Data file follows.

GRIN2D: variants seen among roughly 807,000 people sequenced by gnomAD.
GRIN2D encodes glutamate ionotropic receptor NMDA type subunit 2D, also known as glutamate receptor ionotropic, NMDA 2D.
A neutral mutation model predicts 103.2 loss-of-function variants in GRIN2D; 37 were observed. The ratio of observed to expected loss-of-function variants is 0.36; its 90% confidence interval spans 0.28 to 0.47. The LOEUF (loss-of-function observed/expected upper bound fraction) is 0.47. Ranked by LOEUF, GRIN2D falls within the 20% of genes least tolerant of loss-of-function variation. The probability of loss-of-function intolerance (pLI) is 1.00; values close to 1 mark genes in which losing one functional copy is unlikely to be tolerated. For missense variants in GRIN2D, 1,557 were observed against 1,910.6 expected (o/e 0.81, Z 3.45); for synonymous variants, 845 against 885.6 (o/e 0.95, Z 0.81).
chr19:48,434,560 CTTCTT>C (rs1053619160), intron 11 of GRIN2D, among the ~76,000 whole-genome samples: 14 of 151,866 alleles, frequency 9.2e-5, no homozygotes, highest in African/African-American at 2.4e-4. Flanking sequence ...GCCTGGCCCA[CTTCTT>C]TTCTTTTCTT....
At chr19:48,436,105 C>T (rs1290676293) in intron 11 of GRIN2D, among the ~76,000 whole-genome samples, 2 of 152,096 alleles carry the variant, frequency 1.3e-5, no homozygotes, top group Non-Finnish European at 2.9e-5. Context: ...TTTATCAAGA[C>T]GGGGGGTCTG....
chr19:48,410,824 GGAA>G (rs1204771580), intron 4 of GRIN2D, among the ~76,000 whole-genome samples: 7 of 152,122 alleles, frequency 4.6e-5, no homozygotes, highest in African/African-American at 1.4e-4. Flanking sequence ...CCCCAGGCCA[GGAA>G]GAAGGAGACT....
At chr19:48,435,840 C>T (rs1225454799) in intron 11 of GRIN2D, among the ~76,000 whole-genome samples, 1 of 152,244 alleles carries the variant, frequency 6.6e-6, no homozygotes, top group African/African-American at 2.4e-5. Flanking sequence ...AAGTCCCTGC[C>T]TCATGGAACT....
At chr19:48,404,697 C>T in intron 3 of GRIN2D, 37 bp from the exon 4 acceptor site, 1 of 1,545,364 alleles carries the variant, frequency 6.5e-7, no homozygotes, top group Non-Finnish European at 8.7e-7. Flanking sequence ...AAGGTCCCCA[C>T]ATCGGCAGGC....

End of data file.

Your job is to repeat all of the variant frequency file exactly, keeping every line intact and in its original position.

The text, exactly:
GRIN2D: variants seen among roughly 807,000 people sequenced by gnomAD.
GRIN2D encodes glutamate ionotropic receptor NMDA type subunit 2D, also known as glutamate receptor ionotropic, NMDA 2D.
A neutral mutation model predicts 103.2 loss-of-function variants in GRIN2D; 37 were observed. The ratio of observed to expected loss-of-function variants is 0.36; its 90% confidence interval spans 0.28 to 0.47. The LOEUF (loss-of-function observed/expected upper bound fraction) is 0.47. Ranked by LOEUF, GRIN2D falls within the 20% of genes least tolerant of loss-of-function variation. The probability of loss-of-function intolerance (pLI) is 1.00; values close to 1 mark genes in which losing one functional copy is unlikely to be tolerated. For missense variants in GRIN2D, 1,557 were observed against 1,910.6 expected (o/e 0.81, Z 3.45); for synonymous variants, 845 against 885.6 (o/e 0.95, Z 0.81).
chr19:48,434,560 CTTCTT>C (rs1053619160), intron 11 of GRIN2D, among the ~76,000 whole-genome samples: 14 of 151,866 alleles, frequency 9.2e-5, no homozygotes, highest in African/African-American at 2.4e-4. Flanking sequence ...GCCTGGCCCA[CTTCTT>C]TTCTTTTCTT....
At chr19:48,436,105 C>T (rs1290676293) in intron 11 of GRIN2D, among the ~76,000 whole-genome samples, 2 of 152,096 alleles carry the variant, frequency 1.3e-5, no homozygotes, top group Non-Finnish European at 2.9e-5. Context: ...TTTATCAAGA[C>T]GGGGGGTCTG....
chr19:48,410,824 GGAA>G (rs1204771580), intron 4 of GRIN2D, among the ~76,000 whole-genome samples: 7 of 152,122 alleles, frequency 4.6e-5, no homozygotes, highest in African/African-American at 1.4e-4. Flanking sequence ...CCCCAGGCCA[GGAA>G]GAAGGAGACT....
At chr19:48,435,840 C>T (rs1225454799) in intron 11 of GRIN2D, among the ~76,000 whole-genome samples, 1 of 152,244 alleles carries the variant, frequency 6.6e-6, no homozygotes, top group African/African-American at 2.4e-5. Flanking sequence ...AAGTCCCTGC[C>T]TCATGGAACT....
At chr19:48,404,697 C>T in intron 3 of GRIN2D, 37 bp from the exon 4 acceptor site, 1 of 1,545,364 alleles carries the variant, frequency 6.5e-7, no homozygotes, top group Non-Finnish European at 8.7e-7. Flanking sequence ...AAGGTCCCCA[C>T]ATCGGCAGGC....